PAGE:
• Alan says:

            “I agree that many people are seduced so much that they cannot break out of the dogma,”

            We don’t know that they will never break out. Maybe because someone reached out to them along the way, at some point in their lives, maybe even with their last breath, they will have regret or a thought of teshuvah in their hearts. This is a kind of breaking out.

            “but for a majority of people it’s their choice to disregard God’s words and believe someone else.”

            I think it’s more complicated than that for the majority of people and even for the majority of sincere born-again Christians.

          • Dina says:

            I agree, Alan. I do believe that there are large numbers of well-meaning and sincere Christians who are worshiping God to the best of their ability, simply not knowing better.

          • Alan says:

            And Hashem has and will have compassion for them as it says-

            Jeremiah 16 –
            19 O LORD, my strength, and my stronghold, and my refuge, in the day of affliction, unto Thee shall the nations come from the ends of the earth, and shall say: ‘Our fathers have inherited nought but lies, vanity and things wherein there is no profit.’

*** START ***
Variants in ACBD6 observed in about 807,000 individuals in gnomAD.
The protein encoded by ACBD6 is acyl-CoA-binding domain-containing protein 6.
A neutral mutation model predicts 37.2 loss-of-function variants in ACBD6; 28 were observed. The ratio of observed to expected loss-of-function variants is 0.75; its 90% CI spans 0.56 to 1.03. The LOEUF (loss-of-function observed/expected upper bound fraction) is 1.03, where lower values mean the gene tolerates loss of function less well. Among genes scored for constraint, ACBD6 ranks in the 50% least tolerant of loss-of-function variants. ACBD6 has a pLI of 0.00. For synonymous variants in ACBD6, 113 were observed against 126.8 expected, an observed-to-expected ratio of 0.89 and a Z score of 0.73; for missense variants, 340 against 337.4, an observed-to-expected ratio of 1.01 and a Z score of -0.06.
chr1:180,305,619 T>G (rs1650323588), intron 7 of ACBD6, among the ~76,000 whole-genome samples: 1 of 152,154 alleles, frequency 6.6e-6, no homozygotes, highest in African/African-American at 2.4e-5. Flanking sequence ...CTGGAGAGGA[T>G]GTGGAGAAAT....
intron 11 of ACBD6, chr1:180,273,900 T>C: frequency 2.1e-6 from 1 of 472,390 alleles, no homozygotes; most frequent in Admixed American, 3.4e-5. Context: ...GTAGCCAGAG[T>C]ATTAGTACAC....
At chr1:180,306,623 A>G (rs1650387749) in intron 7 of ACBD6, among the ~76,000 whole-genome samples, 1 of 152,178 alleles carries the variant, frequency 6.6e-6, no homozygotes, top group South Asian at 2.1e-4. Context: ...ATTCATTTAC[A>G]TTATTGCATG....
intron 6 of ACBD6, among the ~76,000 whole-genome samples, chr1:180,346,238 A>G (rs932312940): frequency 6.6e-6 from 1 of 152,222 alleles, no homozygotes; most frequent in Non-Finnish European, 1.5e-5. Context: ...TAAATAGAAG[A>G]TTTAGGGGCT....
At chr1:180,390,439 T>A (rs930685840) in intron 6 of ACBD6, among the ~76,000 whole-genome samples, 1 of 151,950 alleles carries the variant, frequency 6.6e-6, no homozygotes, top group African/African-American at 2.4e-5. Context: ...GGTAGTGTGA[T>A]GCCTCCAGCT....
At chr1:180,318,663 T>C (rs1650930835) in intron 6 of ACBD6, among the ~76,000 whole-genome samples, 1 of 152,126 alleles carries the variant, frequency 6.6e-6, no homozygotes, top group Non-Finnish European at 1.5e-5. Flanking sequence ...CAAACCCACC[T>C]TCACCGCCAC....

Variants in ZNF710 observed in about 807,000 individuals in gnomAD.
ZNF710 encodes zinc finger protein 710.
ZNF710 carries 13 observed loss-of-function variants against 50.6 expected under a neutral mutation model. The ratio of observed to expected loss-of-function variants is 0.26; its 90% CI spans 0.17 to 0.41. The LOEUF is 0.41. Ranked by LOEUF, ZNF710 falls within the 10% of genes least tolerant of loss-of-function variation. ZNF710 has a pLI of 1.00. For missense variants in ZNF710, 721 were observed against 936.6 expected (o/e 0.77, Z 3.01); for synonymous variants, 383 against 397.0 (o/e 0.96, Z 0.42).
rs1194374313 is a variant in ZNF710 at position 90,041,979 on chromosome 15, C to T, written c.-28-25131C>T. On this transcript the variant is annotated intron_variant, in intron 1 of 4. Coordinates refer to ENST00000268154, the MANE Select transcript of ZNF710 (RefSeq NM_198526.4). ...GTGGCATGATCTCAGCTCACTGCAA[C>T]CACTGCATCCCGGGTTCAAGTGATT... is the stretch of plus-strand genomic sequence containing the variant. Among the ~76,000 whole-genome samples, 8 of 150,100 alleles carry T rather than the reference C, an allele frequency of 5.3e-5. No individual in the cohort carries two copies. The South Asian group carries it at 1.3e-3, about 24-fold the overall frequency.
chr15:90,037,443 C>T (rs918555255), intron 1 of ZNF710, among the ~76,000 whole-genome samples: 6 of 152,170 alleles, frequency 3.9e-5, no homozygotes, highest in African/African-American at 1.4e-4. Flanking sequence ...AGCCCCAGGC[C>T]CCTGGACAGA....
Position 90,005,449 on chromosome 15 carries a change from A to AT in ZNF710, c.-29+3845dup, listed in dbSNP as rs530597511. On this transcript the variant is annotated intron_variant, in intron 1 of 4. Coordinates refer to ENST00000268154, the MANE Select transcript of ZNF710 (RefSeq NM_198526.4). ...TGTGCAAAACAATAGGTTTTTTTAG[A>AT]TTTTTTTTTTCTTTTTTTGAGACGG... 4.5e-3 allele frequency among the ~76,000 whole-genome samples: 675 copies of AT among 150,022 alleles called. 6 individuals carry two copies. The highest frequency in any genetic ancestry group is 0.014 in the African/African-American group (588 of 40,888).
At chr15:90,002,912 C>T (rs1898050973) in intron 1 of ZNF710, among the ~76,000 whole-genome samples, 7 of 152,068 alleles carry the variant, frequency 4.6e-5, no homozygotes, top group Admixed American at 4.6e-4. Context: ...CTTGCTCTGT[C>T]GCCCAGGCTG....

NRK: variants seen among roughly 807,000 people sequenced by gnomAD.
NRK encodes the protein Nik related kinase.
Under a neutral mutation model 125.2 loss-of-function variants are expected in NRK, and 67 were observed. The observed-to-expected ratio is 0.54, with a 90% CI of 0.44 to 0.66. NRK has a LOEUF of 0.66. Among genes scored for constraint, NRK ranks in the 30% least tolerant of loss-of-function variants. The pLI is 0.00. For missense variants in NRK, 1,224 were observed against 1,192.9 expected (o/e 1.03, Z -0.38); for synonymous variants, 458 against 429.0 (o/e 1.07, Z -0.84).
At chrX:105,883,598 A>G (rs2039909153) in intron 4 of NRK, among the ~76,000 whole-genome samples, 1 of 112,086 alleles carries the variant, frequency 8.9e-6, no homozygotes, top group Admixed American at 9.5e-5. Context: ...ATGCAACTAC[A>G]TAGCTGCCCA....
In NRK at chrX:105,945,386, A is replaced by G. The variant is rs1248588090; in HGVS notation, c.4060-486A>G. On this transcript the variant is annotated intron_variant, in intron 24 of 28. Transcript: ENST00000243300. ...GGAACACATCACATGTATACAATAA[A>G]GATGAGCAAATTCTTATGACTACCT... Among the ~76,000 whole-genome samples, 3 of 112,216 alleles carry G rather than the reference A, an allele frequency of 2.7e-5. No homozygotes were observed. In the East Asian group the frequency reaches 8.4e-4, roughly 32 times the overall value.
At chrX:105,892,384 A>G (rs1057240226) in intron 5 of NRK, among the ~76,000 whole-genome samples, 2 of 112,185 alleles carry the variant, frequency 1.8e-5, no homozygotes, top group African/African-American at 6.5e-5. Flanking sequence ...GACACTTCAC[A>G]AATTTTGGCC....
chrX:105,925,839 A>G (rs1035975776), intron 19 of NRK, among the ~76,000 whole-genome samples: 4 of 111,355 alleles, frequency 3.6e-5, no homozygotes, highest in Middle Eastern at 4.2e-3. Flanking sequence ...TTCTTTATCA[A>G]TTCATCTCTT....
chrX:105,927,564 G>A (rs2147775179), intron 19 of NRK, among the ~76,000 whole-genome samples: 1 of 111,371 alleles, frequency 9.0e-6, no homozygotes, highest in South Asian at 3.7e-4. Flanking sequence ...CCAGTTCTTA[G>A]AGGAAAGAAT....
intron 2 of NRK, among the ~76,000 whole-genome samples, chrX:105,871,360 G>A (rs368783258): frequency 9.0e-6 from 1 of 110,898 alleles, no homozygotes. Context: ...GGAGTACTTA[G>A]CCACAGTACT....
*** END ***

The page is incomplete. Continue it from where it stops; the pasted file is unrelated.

• Nikola says:

            Hopefully more people will break out and gain understanding by themselves.

          • KAVI says:

            Nikola: “Once we realize how clearly it is stated in Tanakh that God did not abolish Torah and commandments, and we reject the notion that Jesus is messiah, it is easy to agree on other details.”

            Kavi: Nikola,

            …”abolish” or “fulfill”?

            L-RD Yeshua says quite plainly,

            “Do not think that I have come to abolish the Law or the Prophets; I have not come to abolish them but to fulfill them.” [Matthew 5]

            … the answer then, is “fulfill”.

            _______________________________

          • Nikola says:

            I keep hearing the phrase “fulfilled the Law”. That’s nonsense. How can you fulfill the Law?! Can anyone fulfill the Constitution of the US?